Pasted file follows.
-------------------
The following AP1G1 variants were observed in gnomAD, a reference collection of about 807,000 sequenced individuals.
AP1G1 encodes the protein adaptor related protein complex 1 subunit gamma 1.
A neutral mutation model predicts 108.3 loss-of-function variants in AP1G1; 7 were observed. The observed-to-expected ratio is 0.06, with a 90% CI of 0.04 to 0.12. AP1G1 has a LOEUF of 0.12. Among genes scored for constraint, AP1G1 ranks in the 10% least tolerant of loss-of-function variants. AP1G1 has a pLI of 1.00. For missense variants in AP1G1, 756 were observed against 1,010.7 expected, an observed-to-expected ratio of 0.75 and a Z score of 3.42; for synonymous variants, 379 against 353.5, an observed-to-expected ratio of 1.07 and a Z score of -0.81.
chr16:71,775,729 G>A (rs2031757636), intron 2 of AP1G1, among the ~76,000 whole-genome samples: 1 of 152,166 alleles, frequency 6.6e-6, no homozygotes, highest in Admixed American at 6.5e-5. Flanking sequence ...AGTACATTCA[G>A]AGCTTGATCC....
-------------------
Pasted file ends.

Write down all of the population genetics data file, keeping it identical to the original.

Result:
The following AP1G1 variants were observed in gnomAD, a reference collection of about 807,000 sequenced individuals.
AP1G1 encodes the protein adaptor related protein complex 1 subunit gamma 1.
A neutral mutation model predicts 108.3 loss-of-function variants in AP1G1; 7 were observed. The observed-to-expected ratio is 0.06, with a 90% CI of 0.04 to 0.12. AP1G1 has a LOEUF of 0.12. Among genes scored for constraint, AP1G1 ranks in the 10% least tolerant of loss-of-function variants. AP1G1 has a pLI of 1.00. For missense variants in AP1G1, 756 were observed against 1,010.7 expected, an observed-to-expected ratio of 0.75 and a Z score of 3.42; for synonymous variants, 379 against 353.5, an observed-to-expected ratio of 1.07 and a Z score of -0.81.
chr16:71,775,729 G>A (rs2031757636), intron 2 of AP1G1, among the ~76,000 whole-genome samples: 1 of 152,166 alleles, frequency 6.6e-6, no homozygotes, highest in Admixed American at 6.5e-5. Flanking sequence ...AGTACATTCA[G>A]AGCTTGATCC....